Monday, August 16, 2010

Archery buck deer hunt starts Aug. 21

Photo by Bill Bates, Utah Division of Wildlife Resources

Utah’s first hunt of the fall—the general archery buck deer hunt—starts Aug. 21.

As you head into the woods on Aug. 21, the number of young bucks you see might vary.

If you’re hunting in northern Utah—where the winter was mild this past winter—you could see more young bucks.

If you’re hunting in southwestern Utah, where deep snow covered the deer’s winter range, you might see less.

Overall, the number of mule deer in Utah is holding steady at just over 300,000 deer. The number of bucks wildlife biologists saw after last fall’s hunting seasons averaged about 16 bucks per 100 does on the state’s general season units.

The total number of deer in Utah has been hovering around 300,000 for several years. “That indicates to me that the habitat we have in Utah right now can support about 300,000 deer,” says Anis Aoude, big game coordinator for the Division of Wildlife Resources.

Aoude says the DWR and other agencies and organizations are pouring millions of dollars into work to improve habitat for mule deer and other wildlife.

Mule deer winter ranges have received most of the attention, but summer ranges are starting to receive attention too.

“Habitat improvement work doesn’t pay off overnight,” Aoude says. “It takes years for plants to grow and establish themselves. But when they do, and the state’s habitat has the ability to support more deer, the number of deer in Utah should grow.”

To find success during the archery hunt, Aoude encourages you to do three things:

- practice shooting your bow until shooting it becomes second nature

- scout the area you’re going to hunt before the season starts

- keep the wind at your face while you’re hunting.

“Those three things can make all the difference between taking a deer home with you and coming home empty handed,” he says. The following are deer hunting prospects for each of the DWR’s five regions:

Northern Region
With the exception of the Cache and Ogden units, all of the general season units in northern Utah have at least 15 bucks per 100 does. And some units have more. Here’s a look at the deer herds on many of the region’s general season units:

Cache and Ogden units
Wildlife Biologist Darren DeBloois says the three-year average for the Cache and Ogden units is slightly below the objective of 15 bucks per 100 does.

Like much of the Northern Region, DeBloois says range conditions are good and the animals are scattered. He also says the past two winters have been mild, and few fawns have been lost.

“Hunters should see good numbers of two-point bucks on both of these units,” he says.


Box Elder unit
Two good years with low winter losses, high fawn production and good range conditions should translate into a good hunt on the Box Elder unit.

Wildlife Biologist Kirk Enright says the unit’s buck-to-doe ratio is 19 bucks per 100 does. “Habitat improvement projects we’re doing with landowners and other agencies is creating better habitat and more deer,” Enright says.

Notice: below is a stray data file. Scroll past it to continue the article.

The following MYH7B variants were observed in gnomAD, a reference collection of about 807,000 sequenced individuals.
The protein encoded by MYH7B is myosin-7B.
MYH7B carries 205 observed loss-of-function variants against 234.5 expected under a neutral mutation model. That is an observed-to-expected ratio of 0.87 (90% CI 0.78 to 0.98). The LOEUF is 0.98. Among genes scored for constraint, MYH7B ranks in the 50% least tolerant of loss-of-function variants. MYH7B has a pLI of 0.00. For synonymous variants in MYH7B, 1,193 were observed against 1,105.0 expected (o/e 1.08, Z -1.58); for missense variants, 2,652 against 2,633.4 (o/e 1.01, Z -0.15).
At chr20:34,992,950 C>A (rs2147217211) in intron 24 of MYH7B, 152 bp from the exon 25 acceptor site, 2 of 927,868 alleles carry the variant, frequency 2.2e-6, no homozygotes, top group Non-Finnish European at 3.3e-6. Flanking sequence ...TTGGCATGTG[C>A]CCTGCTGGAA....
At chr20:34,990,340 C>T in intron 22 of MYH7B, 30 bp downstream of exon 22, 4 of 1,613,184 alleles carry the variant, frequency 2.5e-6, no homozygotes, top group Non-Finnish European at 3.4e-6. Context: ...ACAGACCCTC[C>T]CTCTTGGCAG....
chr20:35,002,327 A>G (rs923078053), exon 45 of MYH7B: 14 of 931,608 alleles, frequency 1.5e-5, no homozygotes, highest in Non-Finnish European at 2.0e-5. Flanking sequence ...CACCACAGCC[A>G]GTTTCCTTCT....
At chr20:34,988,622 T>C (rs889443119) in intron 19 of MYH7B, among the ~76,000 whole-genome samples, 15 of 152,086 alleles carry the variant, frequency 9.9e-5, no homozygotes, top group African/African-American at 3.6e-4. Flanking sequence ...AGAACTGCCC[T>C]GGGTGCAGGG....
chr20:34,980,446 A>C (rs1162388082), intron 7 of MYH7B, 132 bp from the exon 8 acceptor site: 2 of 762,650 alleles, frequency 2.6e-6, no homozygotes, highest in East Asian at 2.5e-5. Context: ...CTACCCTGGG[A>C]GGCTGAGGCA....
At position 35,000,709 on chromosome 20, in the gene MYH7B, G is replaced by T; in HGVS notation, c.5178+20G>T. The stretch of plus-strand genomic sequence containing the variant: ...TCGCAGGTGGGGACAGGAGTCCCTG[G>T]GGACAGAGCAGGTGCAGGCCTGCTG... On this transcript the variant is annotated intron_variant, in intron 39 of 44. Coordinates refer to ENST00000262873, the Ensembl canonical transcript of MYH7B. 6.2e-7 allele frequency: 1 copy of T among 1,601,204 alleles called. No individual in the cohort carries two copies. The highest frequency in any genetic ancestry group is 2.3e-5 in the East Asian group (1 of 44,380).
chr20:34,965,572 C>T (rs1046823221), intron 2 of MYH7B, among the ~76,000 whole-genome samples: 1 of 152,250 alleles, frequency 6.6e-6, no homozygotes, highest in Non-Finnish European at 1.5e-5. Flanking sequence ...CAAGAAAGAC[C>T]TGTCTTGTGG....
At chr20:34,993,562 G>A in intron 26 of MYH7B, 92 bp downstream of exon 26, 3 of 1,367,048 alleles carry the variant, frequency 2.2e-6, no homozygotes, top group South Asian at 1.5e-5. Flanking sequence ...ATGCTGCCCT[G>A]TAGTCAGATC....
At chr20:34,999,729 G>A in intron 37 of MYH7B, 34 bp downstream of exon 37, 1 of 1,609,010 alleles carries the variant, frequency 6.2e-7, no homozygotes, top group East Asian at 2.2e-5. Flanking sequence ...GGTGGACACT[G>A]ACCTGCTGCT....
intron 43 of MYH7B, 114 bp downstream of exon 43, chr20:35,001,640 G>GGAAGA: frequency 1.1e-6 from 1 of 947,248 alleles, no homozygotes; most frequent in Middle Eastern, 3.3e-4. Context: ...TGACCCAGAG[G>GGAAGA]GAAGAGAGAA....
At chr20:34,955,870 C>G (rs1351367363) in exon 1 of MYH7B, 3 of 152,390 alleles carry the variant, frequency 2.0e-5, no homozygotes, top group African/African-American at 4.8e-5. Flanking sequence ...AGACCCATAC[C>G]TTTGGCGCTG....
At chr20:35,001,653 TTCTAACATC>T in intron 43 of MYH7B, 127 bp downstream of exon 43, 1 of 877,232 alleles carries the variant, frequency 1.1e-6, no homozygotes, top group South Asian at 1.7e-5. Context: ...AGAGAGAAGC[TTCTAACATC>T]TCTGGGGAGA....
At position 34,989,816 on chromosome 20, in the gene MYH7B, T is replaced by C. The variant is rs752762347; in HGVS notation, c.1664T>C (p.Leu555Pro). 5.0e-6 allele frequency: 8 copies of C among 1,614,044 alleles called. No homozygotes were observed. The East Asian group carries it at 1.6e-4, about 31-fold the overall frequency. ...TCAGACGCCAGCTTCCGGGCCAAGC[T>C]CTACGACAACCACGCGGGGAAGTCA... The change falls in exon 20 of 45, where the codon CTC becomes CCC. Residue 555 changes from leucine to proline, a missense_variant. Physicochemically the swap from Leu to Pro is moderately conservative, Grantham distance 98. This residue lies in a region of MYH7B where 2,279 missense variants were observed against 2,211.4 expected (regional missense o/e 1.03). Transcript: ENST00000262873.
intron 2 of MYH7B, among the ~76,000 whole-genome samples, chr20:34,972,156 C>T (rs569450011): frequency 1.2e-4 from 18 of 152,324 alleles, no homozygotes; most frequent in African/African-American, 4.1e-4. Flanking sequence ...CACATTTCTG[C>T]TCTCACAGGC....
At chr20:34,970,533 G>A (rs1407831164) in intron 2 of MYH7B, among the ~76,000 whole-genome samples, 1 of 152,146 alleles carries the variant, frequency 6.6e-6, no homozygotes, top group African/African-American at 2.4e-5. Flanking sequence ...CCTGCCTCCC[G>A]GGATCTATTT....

Uintas North Slope units
Biologist Dave Rich says the range on the units is in good shape, and the animals are scattered. "Recent rains have kept things nice and green," Rich says.

Summit and East Canyon units
Biologist Scott McFarlane cautions you that most of the land on these units is private property. Written permission from landowners is required to hunt much of this area.

Phil Douglass, regional conservation outreach manager, shares two reminders:

If the average buck-to-doe ratio on a unit stays below 15 bucks per 100 does for a three-year period, Utah’s mule deer management plan requires that the hunting seasons on the unit be reduced in length until the buck-to-doe ratio improves.

As a result, the archery season on the Cache and Ogden units will be shorter this year.

The season begins Aug. 21 and ends on Sept. 5.

To avoid attracting bears into your camp, store food where bears can’t get to it and keep your camp clean. Additional tips are available at www.wildlife.utah.gov/dwr/learn-more/bear-safety.html .


Central Region
Where you decide to hunt in the Central Region will be important this fall. Some areas harbor good numbers of bucks. Other areas have less.

Overall, the number of bucks on the region’s general season units is 15 bucks per 100 does. The area east of Interstate 15, from Spanish Fork Canyon north to Interstate 80 in Salt Lake City, has the best habitat and the highest buck-to-doe ratios.

Buck-to-doe ratios are lower outside of that area. For example, the buck-to-doe ratio on the South Manti unit is 5 to 6 bucks per 100 does. On the Oquirrh-Stansbury unit, the ratio is 7 to 8 bucks per 100 does.

West of I-15, in Tooele and Juab counties, Wildlife Biologist Tom Becker says the deer herds average about 10 to 11 bucks per 100 does. On a positive note, Becker says precipitation has helped the desert areas this year, and the habitat conditions are better than they were last year. The improved conditions should help more deer fawns make it through the upcoming winter.

Scott Root, regional conservation outreach manager, has two reminders:

The archery hunt on the Oquirrh-Stansbury unit will shorter this fall. The archery hunt on the unit runs from Aug. 21 to Sept. 5.

You can extend your hunt by hunting on the Wasatch Front Extended Archery Area. You may use archery equipment to take either a buck or a doe on the area from Aug. 21 to Nov. 30. From Dec. 1 to Dec. 15, only doe deer may be taken.

Before hunting on the Wasatch Front Extended Archery Area—or any of the state’s extended archery areas—you must complete the DWR’s Extended Archery Orientation Course. The free course is available at www.wildlife.utah.gov/huntereducation .

After completing the course, you must carry your Extended Archery Orientation Course certificate with you while you’re hunting.

You must complete the course each year before hunting on Utah’s extended archery areas.


Northeastern Region
The archery hunt in northeastern Utah might be better than it was last year. Biologists say the number of deer has increased on most of the region’s general season units.